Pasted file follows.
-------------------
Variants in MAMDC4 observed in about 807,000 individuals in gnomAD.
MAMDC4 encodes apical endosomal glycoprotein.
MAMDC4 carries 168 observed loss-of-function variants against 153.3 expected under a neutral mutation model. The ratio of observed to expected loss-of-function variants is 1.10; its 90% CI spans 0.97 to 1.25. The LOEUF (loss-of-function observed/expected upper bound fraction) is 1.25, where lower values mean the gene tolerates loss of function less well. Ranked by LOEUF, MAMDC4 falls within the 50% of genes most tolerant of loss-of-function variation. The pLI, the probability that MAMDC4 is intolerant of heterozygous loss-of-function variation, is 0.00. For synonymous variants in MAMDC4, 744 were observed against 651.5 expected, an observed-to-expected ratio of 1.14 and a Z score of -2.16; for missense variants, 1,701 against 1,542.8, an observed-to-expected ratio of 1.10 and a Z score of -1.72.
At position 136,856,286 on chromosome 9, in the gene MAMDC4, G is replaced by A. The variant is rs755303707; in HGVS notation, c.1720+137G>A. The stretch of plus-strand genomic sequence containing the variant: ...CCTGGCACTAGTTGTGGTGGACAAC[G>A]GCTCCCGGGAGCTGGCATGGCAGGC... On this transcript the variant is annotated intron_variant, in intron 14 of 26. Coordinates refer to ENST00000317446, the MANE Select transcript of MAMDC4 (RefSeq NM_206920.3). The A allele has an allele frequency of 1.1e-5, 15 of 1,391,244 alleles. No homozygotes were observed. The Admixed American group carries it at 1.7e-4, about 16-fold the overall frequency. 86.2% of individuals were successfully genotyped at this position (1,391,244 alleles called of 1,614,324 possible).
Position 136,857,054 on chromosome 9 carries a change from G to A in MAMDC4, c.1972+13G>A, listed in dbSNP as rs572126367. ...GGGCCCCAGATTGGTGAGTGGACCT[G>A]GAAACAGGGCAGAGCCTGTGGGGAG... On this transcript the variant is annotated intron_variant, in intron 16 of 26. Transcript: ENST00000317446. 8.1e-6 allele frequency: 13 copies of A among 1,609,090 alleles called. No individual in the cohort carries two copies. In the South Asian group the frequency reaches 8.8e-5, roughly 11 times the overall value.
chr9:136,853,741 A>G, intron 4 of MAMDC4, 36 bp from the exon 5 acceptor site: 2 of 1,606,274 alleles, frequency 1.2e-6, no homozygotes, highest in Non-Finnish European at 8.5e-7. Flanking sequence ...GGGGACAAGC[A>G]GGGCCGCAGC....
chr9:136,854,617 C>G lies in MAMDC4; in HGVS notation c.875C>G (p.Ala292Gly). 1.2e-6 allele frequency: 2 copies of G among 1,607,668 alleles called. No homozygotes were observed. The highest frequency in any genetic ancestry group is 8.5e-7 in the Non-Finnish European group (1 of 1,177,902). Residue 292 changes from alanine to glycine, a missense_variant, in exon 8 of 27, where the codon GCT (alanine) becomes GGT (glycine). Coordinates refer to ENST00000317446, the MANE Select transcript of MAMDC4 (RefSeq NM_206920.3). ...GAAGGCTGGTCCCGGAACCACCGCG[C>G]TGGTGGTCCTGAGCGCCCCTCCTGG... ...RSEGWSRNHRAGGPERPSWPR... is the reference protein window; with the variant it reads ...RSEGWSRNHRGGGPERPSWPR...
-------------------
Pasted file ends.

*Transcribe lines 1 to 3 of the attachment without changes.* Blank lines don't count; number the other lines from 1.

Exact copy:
Variants in MAMDC4 observed in about 807,000 individuals in gnomAD.
MAMDC4 encodes apical endosomal glycoprotein.
MAMDC4 carries 168 observed loss-of-function variants against 153.3 expected under a neutral mutation model. The ratio of observed to expected loss-of-function variants is 1.10; its 90% CI spans 0.97 to 1.25. The LOEUF (loss-of-function observed/expected upper bound fraction) is 1.25, where lower values mean the gene tolerates loss of function less well. Ranked by LOEUF, MAMDC4 falls within the 50% of genes most tolerant of loss-of-function variation. The pLI, the probability that MAMDC4 is intolerant of heterozygous loss-of-function variation, is 0.00. For synonymous variants in MAMDC4, 744 were observed against 651.5 expected, an observed-to-expected ratio of 1.14 and a Z score of -2.16; for missense variants, 1,701 against 1,542.8, an observed-to-expected ratio of 1.10 and a Z score of -1.72.